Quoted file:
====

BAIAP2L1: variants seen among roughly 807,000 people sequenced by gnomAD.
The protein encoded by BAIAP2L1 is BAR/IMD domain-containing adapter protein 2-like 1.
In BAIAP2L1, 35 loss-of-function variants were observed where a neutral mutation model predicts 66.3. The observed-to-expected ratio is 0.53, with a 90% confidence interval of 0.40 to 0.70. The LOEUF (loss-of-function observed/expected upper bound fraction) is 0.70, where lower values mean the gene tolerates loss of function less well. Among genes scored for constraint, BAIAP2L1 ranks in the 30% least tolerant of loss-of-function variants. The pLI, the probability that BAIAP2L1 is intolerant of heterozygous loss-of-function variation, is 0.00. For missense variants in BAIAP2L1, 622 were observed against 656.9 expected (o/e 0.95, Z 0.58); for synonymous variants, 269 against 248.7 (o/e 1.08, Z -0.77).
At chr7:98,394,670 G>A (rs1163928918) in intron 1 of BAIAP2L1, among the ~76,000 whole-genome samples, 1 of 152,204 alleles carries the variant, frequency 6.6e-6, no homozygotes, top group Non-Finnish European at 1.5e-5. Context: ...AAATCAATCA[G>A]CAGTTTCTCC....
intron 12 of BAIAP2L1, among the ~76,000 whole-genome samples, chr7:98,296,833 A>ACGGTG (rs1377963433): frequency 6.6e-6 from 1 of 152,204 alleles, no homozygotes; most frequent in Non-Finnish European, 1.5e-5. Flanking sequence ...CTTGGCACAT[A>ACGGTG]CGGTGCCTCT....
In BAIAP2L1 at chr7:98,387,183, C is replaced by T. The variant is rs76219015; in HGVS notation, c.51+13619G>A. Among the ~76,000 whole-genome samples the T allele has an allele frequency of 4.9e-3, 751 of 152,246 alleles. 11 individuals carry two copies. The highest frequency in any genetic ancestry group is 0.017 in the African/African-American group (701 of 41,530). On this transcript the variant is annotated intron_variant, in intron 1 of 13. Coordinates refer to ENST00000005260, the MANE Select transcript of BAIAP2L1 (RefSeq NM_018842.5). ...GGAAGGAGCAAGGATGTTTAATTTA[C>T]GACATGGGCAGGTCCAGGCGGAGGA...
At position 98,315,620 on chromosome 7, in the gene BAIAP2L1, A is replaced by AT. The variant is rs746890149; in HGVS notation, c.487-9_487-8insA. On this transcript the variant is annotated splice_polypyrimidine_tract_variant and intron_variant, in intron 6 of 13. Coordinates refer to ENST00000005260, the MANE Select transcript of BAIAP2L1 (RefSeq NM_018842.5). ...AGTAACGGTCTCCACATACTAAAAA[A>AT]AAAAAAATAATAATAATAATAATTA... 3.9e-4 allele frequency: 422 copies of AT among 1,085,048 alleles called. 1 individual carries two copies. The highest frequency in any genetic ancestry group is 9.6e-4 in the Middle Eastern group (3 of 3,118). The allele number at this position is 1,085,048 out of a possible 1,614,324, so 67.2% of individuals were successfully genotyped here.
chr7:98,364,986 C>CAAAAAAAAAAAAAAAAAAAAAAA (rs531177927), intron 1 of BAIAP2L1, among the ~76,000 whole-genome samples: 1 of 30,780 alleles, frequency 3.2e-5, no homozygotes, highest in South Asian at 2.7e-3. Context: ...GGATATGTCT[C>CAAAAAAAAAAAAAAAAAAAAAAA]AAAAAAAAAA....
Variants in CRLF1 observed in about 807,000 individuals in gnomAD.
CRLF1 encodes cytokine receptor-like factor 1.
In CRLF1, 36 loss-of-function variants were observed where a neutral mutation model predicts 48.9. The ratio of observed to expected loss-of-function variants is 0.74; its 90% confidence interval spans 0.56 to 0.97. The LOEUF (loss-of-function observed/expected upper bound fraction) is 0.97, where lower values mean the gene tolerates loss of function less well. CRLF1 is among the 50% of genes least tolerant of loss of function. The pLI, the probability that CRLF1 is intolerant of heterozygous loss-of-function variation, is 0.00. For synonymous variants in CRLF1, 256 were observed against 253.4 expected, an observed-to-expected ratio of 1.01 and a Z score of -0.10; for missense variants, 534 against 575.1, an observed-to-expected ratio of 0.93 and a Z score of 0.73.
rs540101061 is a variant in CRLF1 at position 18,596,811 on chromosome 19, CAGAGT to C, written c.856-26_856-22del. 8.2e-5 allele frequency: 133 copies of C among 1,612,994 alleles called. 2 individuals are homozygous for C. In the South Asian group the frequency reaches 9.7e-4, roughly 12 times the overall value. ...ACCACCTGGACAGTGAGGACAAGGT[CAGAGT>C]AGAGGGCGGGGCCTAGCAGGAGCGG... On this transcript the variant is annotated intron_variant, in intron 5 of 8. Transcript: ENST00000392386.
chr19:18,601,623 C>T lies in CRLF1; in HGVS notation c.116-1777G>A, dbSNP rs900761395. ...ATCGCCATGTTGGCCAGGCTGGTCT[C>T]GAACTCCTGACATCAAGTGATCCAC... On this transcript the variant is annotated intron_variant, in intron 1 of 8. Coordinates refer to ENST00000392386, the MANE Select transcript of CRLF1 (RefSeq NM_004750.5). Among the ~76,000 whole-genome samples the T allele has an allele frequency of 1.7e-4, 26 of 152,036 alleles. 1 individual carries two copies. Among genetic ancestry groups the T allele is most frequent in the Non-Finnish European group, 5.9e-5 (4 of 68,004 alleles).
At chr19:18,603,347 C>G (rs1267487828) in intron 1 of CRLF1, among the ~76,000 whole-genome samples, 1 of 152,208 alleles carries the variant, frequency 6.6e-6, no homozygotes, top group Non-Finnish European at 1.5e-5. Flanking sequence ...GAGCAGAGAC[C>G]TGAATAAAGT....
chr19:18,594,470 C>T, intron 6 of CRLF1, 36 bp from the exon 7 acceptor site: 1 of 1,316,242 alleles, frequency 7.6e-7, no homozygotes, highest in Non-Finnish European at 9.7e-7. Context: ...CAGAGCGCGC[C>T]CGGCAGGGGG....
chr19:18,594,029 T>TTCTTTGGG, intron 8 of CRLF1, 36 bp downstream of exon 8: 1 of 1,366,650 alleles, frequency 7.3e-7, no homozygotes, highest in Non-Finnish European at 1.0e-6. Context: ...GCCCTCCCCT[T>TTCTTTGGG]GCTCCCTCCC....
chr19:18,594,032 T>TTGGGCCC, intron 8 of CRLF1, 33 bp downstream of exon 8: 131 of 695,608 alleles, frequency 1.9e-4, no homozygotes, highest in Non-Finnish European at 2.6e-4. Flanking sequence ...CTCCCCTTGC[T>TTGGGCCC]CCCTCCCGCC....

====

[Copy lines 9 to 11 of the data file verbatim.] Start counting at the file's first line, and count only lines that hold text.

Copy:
Variants in CRLF1 observed in about 807,000 individuals in gnomAD.
CRLF1 encodes cytokine receptor-like factor 1.
In CRLF1, 36 loss-of-function variants were observed where a neutral mutation model predicts 48.9. The ratio of observed to expected loss-of-function variants is 0.74; its 90% confidence interval spans 0.56 to 0.97. The LOEUF (loss-of-function observed/expected upper bound fraction) is 0.97, where lower values mean the gene tolerates loss of function less well. CRLF1 is among the 50% of genes least tolerant of loss of function. The pLI, the probability that CRLF1 is intolerant of heterozygous loss-of-function variation, is 0.00. For synonymous variants in CRLF1, 256 were observed against 253.4 expected, an observed-to-expected ratio of 1.01 and a Z score of -0.10; for missense variants, 534 against 575.1, an observed-to-expected ratio of 0.93 and a Z score of 0.73.